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How different things work

June 9, 2011
Street view

Last month, Google launched its popular but controversial mapping service Street View in India's technology hub Bangalore, four years after it was unveiled in the United States. Over time, it will be launched on Google Maps as an additional service. Here is a primer on how it works:
What is street view? It is a feature on Google Maps that allows viewers to zoom right down to the level of the street and view it in 360 degrees. It requires real-world images that are shot with the help of cameras mounted on cars and specially-designed three-wheel pedicabs called Google Trikes. These vehicles are also equipped with motion sensors to track their positions, a hard drive to store data, a small computer running the system, and lasers to capture 3D data to determine distances within the Street View imagery.
The 360 degree view: After the images are shot, they are "stitched together" to get a 3D panorama with advanced imaging algorithms.
Why it is controversial: Not every country is happy having street-level views of its terrain easily available. But Google claims its images are not real time and allows blurring of specific images, including car registration plates.

More than meets the eye?

Last month, the Indian Navy, which has been at the forefront of anti-piracy operations in the Indian Ocean in recent years, stopped arresting pirates under a new policy of hold-disarm-leave. Apparently, the move was in response to a spurt in retaliatory action by Somali pirates, who have so far taken 43 Indian sailors hostage. While seeking the release of hostages is justified, letting pirates walk away is not, given India's own energy security concerns and the fact that pirates pose a threat to three sea lanes critical to global energy transportation passing through the Indian Ocean. The new policy's timing, too, raised some questions beyond the immediate goal of seeking the release of Indian hostages. Was it a confidence-building measure designed to coincide with Prime Minister Manmohan Singh's visit to Africa? Or a pressure tactic to force the global community into developing a comprehensive and effective response to piracy?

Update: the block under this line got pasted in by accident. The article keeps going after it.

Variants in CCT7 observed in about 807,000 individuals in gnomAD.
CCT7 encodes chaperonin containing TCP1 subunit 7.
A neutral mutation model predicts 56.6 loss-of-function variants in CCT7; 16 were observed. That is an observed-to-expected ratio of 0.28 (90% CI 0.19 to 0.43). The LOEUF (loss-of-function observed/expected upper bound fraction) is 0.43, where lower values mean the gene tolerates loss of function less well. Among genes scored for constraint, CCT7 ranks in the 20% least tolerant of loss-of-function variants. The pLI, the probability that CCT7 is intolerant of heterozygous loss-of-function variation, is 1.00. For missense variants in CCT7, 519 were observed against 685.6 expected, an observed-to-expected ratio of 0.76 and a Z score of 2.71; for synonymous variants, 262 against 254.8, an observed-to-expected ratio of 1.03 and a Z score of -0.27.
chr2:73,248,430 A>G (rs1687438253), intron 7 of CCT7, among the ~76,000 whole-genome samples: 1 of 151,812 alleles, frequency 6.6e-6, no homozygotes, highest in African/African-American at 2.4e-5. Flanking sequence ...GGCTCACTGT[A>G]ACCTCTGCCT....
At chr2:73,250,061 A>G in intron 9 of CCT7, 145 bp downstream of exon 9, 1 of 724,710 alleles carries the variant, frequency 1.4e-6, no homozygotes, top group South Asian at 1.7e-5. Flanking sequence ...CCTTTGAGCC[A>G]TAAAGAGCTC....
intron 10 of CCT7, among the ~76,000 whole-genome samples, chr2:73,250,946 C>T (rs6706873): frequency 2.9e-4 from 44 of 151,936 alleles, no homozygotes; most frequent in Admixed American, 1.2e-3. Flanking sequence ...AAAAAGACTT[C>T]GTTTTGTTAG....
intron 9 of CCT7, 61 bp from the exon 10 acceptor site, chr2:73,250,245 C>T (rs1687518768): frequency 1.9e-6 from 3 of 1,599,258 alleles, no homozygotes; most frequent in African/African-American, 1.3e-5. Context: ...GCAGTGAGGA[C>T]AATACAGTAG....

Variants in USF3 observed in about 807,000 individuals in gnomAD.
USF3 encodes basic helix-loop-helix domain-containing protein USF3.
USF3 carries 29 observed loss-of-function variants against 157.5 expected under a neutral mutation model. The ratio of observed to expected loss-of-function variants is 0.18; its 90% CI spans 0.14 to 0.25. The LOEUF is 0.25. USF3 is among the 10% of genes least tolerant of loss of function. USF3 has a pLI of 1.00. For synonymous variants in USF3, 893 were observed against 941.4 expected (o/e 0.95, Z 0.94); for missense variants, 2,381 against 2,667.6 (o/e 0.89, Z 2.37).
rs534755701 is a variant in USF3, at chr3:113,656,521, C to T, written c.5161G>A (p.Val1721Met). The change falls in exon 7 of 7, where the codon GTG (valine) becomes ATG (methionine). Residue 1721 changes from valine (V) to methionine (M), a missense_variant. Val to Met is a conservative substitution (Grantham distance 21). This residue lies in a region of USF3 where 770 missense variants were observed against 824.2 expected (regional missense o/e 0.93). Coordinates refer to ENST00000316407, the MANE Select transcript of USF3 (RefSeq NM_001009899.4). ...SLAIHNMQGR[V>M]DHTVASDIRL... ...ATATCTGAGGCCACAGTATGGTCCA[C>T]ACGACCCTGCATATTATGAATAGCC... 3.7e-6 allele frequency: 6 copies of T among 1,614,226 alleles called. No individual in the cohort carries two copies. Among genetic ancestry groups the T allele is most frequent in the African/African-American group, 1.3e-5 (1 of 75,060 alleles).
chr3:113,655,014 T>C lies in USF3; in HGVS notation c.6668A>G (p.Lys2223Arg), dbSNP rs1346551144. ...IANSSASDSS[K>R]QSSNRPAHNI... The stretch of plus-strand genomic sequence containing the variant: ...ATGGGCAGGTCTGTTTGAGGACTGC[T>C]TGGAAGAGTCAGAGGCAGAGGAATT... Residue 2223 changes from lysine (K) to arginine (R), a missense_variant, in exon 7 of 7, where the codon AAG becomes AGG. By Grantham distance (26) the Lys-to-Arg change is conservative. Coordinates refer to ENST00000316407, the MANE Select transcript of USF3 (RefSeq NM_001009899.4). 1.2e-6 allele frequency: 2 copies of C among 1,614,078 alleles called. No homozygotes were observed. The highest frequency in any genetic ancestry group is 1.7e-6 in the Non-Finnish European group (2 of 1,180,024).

Much in a Name

What's in a name? Plenty, if you go by the number of people seeking to change their names. Some 214,000 reportedly applied for a change of name in Maharashtra alone between April 2009 and August 2010. Some of them have funny surnames like Fakte, Lund, Kharabi and Kachara, among others, which they want excised. But in the majority of cases, the change usually involves adding a letter to their fi rst names to bolster fortunes. Fortune may or may not smile on these people, but the Maharashtra government is sure raking in big revenues from the application fee. Talking of fortunes, J. Jayalalithaa, who added an additional letter "a" at the end of her name in December 2001, recently staged a stunning comeback in Tamil Nadu assembly elections.

Fast and Furious

India is hosting its fi rst Formula 1 race this year. Racing drivers have to strictly maintain a weight of 70-74 kg during their driving careers to get the maximum speed out of an F1 car. The current generation of F1 cars can go from 0 to 100 kmph in 1.7 seconds, during which the driver is pushed back in his seat with a force of 1.45 times his body weight. The steering wheel in a modern F1 car is more like the controls panel in the cockpit of an airplane. It contains about 31 buttons and dials for various manoeuvres and costs e23,000, or Rs 14,72,000.

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